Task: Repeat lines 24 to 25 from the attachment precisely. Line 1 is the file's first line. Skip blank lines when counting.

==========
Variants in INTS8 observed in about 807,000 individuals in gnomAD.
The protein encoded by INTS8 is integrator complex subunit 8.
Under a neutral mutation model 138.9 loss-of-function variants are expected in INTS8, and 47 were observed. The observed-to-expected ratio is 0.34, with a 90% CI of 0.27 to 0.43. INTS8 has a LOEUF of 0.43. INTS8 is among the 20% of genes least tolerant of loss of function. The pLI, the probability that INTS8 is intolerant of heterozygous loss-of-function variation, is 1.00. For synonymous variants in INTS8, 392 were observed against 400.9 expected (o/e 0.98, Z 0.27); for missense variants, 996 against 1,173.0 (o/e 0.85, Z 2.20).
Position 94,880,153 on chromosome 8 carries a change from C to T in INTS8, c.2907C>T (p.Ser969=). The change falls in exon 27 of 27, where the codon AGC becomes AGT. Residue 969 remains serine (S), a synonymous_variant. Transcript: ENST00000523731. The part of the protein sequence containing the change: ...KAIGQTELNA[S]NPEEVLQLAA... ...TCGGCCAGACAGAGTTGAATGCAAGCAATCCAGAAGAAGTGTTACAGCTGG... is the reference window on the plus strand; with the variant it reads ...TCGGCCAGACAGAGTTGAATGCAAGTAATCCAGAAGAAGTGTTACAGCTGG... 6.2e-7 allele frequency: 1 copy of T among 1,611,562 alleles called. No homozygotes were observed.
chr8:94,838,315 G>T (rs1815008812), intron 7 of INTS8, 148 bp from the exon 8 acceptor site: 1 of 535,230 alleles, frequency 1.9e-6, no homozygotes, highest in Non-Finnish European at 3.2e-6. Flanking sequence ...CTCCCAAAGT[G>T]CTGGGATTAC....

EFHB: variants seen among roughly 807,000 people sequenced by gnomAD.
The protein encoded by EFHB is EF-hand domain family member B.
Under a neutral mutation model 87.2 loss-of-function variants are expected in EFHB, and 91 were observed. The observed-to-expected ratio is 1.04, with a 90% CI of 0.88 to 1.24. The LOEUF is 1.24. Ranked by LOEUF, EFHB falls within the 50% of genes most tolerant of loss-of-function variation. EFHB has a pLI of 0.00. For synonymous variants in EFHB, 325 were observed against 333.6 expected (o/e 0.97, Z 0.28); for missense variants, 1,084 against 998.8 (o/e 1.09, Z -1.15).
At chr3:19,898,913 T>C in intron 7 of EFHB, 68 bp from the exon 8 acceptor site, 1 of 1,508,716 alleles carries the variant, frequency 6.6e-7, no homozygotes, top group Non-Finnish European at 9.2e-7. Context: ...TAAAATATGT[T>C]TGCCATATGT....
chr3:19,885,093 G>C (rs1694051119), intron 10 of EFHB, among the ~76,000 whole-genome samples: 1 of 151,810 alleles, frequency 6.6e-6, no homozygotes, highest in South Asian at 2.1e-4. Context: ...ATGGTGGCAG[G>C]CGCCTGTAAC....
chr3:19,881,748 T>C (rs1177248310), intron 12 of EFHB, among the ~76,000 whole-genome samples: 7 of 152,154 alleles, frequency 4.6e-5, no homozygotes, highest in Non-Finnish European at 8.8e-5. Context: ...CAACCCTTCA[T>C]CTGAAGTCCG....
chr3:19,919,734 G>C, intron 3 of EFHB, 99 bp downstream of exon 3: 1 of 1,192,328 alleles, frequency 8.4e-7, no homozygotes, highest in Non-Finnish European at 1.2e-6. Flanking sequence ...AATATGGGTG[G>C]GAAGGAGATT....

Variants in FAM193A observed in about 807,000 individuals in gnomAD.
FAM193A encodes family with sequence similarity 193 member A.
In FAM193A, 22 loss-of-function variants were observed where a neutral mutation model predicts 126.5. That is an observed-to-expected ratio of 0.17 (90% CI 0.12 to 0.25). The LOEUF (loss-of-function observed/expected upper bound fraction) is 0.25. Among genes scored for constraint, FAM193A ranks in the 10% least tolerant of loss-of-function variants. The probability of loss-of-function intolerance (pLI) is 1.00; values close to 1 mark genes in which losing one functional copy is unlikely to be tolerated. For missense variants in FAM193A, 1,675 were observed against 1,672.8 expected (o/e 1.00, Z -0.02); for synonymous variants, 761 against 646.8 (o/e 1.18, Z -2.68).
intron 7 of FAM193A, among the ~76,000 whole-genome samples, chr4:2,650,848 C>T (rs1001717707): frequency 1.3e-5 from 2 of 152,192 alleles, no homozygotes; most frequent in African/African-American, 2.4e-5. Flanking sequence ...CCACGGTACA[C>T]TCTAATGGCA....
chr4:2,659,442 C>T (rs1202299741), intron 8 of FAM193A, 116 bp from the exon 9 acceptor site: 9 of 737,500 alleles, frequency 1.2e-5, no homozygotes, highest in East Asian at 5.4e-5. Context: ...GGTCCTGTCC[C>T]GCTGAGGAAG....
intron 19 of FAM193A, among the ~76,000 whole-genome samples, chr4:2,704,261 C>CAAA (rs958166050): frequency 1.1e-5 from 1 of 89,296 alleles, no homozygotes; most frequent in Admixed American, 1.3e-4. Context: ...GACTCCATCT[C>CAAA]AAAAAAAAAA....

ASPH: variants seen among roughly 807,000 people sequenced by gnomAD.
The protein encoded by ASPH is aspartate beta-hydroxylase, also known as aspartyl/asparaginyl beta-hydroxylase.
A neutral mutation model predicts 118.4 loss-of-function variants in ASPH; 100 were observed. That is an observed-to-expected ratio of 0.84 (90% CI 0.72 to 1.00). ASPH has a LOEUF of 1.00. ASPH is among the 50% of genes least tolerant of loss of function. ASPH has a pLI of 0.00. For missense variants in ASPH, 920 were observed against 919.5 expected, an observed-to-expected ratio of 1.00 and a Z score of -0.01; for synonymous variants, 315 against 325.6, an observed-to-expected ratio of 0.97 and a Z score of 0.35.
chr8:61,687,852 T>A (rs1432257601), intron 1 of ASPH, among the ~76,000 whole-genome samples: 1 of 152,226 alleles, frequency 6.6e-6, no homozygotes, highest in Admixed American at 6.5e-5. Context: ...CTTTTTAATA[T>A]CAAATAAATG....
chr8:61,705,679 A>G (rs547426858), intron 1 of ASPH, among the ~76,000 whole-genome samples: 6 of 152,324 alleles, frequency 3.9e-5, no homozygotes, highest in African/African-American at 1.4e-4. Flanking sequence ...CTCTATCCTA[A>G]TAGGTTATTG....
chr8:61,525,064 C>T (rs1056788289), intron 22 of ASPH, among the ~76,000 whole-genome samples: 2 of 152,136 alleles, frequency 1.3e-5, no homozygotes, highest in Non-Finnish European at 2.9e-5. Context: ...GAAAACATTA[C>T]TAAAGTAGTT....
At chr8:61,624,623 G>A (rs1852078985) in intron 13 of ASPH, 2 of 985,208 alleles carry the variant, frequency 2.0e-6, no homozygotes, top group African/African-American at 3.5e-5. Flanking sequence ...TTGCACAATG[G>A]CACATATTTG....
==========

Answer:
chr8:61,525,064 C>T (rs1056788289), intron 22 of ASPH, among the ~76,000 whole-genome samples: 2 of 152,136 alleles, frequency 1.3e-5, no homozygotes, highest in Non-Finnish European at 2.9e-5. Context: ...GAAAACATTA[C>T]TAAAGTAGTT....
At chr8:61,624,623 G>A (rs1852078985) in intron 13 of ASPH, 2 of 985,208 alleles carry the variant, frequency 2.0e-6, no homozygotes, top group African/African-American at 3.5e-5. Flanking sequence ...TTGCACAATG[G>A]CACATATTTG....